By B.W. Cook… On a recent Friday morning in Newport Beach, California at The Balboa Bay Club & Resort, Henry Schielein, the legendary Bavarian-born hotelier responsible for the posh club and hotel facilities on the bay was about to lead his weekly staff meeting. Some twenty well-groomed executives converged upon the meeting room. It was exactly 8:30 in morning. A light breakfast buffet, with the croissants and muffins arranged on silver trays in perfect order, awaited the arriving staff members.Schielein, 70, silver haired and handsomely attired in his customary English tailored sports jacket, starched white shirt and silk tie enters the room and makes a direct line for a banquet chair lined up at the conference table. The gold-medal framed chair is upholstered in a dark burgundy-brown patterned cloth with a fleck in the design. Schielein pulls the chair from the table and takes it to the corner of the room. “This should never happen,” he calls out adding, “Do you see the spots on this chair? Have this cleaned at once.” Again he repeats, “This should never happen – it should have been noticed.”
Sound small? A minor infraction? Not to Schielein, born in Bavaria in 1934 at the dawn of Nazi Germany, Henry came into the modern world at a most tumultuous crossroads. At age five the war started and his dad, who was a master pastry chef, was drafted into the German army. During the war his parents divorced and Henry went to live with his grandparents until his dad returned after the war to once again resume work as a pastry chef. Although he wanted to follow in his dad’s footsteps and become a pastry chef too, it was his dad who talked him into working in the “front of the house” as he felt that Henry was more suited for contact with people and the opportunities for advancement would be better. Based on his dad’s recommendations, in 1949 Henry started as a waiter apprentice in the Bavarian Alps. It was Easter 1951 that Henry took a short vacation to be with his dad in Munich. They took a trip by automobile; a major accident took his dad’s life. Henry was fifteen. After several weeks in a hospital, Henry went back to work. “Where was I to go?” He went back to work, there was no choice, recalls Schielein today.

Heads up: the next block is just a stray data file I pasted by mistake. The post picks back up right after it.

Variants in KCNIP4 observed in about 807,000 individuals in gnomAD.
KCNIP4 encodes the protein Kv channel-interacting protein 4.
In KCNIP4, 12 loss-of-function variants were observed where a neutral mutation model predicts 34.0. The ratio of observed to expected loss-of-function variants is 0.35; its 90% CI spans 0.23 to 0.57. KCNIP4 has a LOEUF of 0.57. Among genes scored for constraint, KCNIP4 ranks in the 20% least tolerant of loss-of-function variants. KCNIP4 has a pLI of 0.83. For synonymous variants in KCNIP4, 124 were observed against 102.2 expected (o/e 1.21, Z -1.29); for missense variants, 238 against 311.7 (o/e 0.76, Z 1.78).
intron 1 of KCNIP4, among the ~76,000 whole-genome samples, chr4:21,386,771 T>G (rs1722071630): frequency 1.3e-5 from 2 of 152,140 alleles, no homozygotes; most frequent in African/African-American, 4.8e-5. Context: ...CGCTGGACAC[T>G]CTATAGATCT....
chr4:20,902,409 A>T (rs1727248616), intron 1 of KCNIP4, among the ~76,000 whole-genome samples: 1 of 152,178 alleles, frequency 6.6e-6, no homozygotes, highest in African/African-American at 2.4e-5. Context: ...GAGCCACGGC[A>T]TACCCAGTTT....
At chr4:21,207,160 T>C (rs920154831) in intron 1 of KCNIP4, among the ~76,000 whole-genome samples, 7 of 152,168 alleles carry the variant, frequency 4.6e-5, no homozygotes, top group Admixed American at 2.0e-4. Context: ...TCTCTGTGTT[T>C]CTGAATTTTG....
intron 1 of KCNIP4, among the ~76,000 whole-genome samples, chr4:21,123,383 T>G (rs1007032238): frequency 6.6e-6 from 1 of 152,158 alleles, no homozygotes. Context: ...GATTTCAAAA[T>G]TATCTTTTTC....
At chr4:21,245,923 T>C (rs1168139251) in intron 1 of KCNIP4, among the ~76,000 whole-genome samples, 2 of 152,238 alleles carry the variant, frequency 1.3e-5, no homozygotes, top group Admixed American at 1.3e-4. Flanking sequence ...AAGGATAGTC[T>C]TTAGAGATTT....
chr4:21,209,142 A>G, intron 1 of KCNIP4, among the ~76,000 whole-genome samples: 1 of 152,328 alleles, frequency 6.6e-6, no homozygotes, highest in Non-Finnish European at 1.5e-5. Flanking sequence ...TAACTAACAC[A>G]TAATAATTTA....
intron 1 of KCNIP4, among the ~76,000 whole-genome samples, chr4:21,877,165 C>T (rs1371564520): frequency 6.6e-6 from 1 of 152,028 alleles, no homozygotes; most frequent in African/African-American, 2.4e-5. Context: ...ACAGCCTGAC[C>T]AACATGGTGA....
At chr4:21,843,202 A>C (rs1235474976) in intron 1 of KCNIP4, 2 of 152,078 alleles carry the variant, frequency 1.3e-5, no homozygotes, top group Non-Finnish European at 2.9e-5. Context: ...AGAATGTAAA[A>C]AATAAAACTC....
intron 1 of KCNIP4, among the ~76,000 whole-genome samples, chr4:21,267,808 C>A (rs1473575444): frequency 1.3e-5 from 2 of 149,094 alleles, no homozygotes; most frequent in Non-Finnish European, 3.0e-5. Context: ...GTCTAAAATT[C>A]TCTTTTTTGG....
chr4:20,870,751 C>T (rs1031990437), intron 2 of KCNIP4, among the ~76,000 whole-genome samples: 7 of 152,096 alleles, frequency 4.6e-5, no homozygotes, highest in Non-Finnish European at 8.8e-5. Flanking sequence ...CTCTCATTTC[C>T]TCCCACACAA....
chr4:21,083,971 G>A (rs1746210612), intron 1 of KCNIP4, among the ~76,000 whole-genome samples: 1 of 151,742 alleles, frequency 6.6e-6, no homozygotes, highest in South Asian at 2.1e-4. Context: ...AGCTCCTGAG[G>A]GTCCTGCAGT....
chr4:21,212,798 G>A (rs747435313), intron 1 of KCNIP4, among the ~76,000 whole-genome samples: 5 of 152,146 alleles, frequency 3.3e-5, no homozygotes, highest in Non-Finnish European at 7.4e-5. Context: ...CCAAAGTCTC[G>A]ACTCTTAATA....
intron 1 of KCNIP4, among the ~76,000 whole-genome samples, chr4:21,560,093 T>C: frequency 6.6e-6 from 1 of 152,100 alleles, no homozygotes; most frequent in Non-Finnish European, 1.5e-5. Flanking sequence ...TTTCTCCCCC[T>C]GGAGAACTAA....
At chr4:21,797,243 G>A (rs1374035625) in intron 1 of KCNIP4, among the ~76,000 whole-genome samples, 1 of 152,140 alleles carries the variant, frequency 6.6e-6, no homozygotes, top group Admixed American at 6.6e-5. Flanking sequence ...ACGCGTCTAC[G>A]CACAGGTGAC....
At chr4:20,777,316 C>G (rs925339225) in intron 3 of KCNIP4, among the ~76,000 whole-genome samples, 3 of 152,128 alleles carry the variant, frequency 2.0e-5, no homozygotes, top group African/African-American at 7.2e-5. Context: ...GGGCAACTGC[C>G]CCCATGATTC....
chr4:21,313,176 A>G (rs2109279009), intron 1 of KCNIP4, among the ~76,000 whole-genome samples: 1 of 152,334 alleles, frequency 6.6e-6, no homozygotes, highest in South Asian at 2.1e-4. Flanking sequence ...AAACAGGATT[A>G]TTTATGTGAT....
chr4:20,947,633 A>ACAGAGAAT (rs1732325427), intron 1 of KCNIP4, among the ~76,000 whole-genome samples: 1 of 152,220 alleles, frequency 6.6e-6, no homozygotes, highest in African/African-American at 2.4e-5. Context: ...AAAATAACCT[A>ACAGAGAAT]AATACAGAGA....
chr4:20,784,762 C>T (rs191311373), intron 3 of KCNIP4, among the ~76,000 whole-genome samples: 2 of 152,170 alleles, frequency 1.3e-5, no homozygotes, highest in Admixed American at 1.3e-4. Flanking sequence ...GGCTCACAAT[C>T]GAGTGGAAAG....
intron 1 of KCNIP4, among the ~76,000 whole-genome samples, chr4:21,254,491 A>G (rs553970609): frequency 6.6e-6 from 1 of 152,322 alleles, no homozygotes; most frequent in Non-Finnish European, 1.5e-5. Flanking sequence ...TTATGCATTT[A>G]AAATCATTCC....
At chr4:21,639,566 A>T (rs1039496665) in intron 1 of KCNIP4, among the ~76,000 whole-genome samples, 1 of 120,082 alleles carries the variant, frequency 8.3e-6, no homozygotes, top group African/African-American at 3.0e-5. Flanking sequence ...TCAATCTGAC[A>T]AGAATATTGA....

From that day forward Henry Schielein learned the significance of attention to detail. “Everything matters,” he confides. “Every bit of minutia is important. It adds up to the big picture.” Schielein knows well that one dirty chair left unattended leads to a one guest unhappy. And one guest unhappy is one too many.
Recently, Schielein returned to Germany in what surely amounts to a symbolic coming full circle in life. The American Academy of Hospitality Sciences, based in New York City, held their international ceremony of awards for excellence in the hotel industry at a stellar gathering at the Hotel Adlon in Berlin, Germany, on March 5. Schielein was named “One Of The Finest Hoteliers Worldwide”, and also accepted the “International Star-Diamond Award” on behalf of The Balboa Bay Club & Resort. “The nice thing about this honor is that it was given by my peers,” confides Schielein. “Members of this organization are all extremely well respected hotel industry leaders.”